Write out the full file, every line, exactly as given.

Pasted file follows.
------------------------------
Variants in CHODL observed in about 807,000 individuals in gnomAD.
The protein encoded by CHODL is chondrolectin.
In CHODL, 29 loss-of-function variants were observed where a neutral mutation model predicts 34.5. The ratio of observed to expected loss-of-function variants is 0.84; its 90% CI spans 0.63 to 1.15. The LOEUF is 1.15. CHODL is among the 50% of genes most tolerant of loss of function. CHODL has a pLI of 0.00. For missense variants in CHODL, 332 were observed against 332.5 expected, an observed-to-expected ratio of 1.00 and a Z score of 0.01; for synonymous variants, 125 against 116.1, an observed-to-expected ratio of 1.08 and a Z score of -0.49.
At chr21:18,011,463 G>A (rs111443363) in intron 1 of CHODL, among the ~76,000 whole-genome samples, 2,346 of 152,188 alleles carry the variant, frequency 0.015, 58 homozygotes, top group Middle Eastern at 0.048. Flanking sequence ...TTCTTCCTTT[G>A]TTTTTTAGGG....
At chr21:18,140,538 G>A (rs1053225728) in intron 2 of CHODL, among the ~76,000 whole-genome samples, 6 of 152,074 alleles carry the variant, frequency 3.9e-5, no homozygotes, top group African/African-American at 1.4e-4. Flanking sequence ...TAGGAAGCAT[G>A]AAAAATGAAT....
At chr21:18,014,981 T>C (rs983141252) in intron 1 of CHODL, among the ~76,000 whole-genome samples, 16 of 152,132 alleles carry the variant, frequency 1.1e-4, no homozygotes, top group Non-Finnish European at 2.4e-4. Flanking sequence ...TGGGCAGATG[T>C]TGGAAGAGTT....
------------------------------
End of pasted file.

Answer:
Variants in CHODL observed in about 807,000 individuals in gnomAD.
The protein encoded by CHODL is chondrolectin.
In CHODL, 29 loss-of-function variants were observed where a neutral mutation model predicts 34.5. The ratio of observed to expected loss-of-function variants is 0.84; its 90% CI spans 0.63 to 1.15. The LOEUF is 1.15. CHODL is among the 50% of genes most tolerant of loss of function. CHODL has a pLI of 0.00. For missense variants in CHODL, 332 were observed against 332.5 expected, an observed-to-expected ratio of 1.00 and a Z score of 0.01; for synonymous variants, 125 against 116.1, an observed-to-expected ratio of 1.08 and a Z score of -0.49.
At chr21:18,011,463 G>A (rs111443363) in intron 1 of CHODL, among the ~76,000 whole-genome samples, 2,346 of 152,188 alleles carry the variant, frequency 0.015, 58 homozygotes, top group Middle Eastern at 0.048. Flanking sequence ...TTCTTCCTTT[G>A]TTTTTTAGGG....
At chr21:18,140,538 G>A (rs1053225728) in intron 2 of CHODL, among the ~76,000 whole-genome samples, 6 of 152,074 alleles carry the variant, frequency 3.9e-5, no homozygotes, top group African/African-American at 1.4e-4. Flanking sequence ...TAGGAAGCAT[G>A]AAAAATGAAT....
At chr21:18,014,981 T>C (rs983141252) in intron 1 of CHODL, among the ~76,000 whole-genome samples, 16 of 152,132 alleles carry the variant, frequency 1.1e-4, no homozygotes, top group Non-Finnish European at 2.4e-4. Flanking sequence ...TGGGCAGATG[T>C]TGGAAGAGTT....